Alex Salmond has sold a major stake in his TV production company to help pay his legal bills following his acquittal on sexual assault charges, The Daily Telegraph understands.
Documents lodged at Companies House show that the former First Minister is no longer listed as a person with “significant control” over Slainte Media, which he set up in 2017 when he launched a TV and stand-up career after losing his Westminster seat.
Mr Salmond is believed to retain a small stake in the company, of around 10 per cent, although Tasmina Ahmed-Sheikh, the former SNP MP and his business partner, now holds more than three quarters of shares. The pair previously held half of the company each.
The company is behind Mr Salmond’s controversial weekly chat show on RT, formerly Russia Today, which Ms Ahmed-Sheikh also works on as an editor and host.
It is understood that the sale is part of efforts to raise funds for legal bills incurred by Mr Salmond.
Mr Salmond was awarded more than £500,000 in costs when he successfully challenged the fairness of an internal Scottish Government probe against him, following sexual misconduct allegations. However, he is believed to have been left with significant legal bills following the criminal case against him, which concluded in March.
Mr Salmond hired Gordon Jackson QC, the former Labour MSP and one of Scotland’s leading advocates, to lead his successful defence against 14 charges of sexual assault.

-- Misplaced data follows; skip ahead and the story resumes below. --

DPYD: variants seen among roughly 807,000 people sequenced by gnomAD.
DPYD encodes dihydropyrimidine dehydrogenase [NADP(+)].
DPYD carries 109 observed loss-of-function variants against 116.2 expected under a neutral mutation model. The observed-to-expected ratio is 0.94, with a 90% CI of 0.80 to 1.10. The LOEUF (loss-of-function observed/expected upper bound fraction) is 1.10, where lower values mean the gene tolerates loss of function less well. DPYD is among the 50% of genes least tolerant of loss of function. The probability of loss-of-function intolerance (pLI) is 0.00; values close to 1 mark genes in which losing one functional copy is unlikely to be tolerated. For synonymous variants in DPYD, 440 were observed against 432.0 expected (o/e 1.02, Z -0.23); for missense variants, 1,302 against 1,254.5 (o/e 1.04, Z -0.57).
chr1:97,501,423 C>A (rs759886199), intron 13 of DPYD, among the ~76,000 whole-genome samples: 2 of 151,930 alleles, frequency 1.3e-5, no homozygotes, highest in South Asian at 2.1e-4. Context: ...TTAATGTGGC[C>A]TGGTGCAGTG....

According to the most recent company accounts lodged at Companies House, Slainte Media held assets of £89,778 at the end of November 2018.
There have been no changes listed for Mr Salmond’s other company, The Chronicles of Deer Limited, which handles income from his book The Dream Shall Never Die. It reported assets of £154,893 in its most recent balance sheet.
When Mr Salmond took legal action against the Scottish Government in 2018, he launched an online crowdfunder which quickly raised over £100,000 from supporters to help pay legal fees. However, the move attracted significant criticism from opposition parties and he has not repeated it following his acquittal in the criminal case.
It is understood that Mr Salmond’s weekly RT show will continue, despite growing calls for him to sever ties with the Russian broadcaster, which is state-funded and widely seen as a mouthpiece for the Kremlin.
It is not yet known whether Mr Salmond plans to make a political comeback, but if he did, his opponents would be likely to relentlessly attack his links with RT.
Following claims that Russia had sought to interfere in the Scottish independence referendum, referenced in a report by Westminster’s Intelligence and Security Committee last month, the former SNP leader faced renewed calls to end his relationship with the broadcaster.
The report also cited RT, and sister station Sputnik, which has a base in Edinburgh, as being part of Russia’s “promotion of disinformation” with “serious distortions” in their coverage. Mr Salmond has insisted he has complete independence over the content of his show.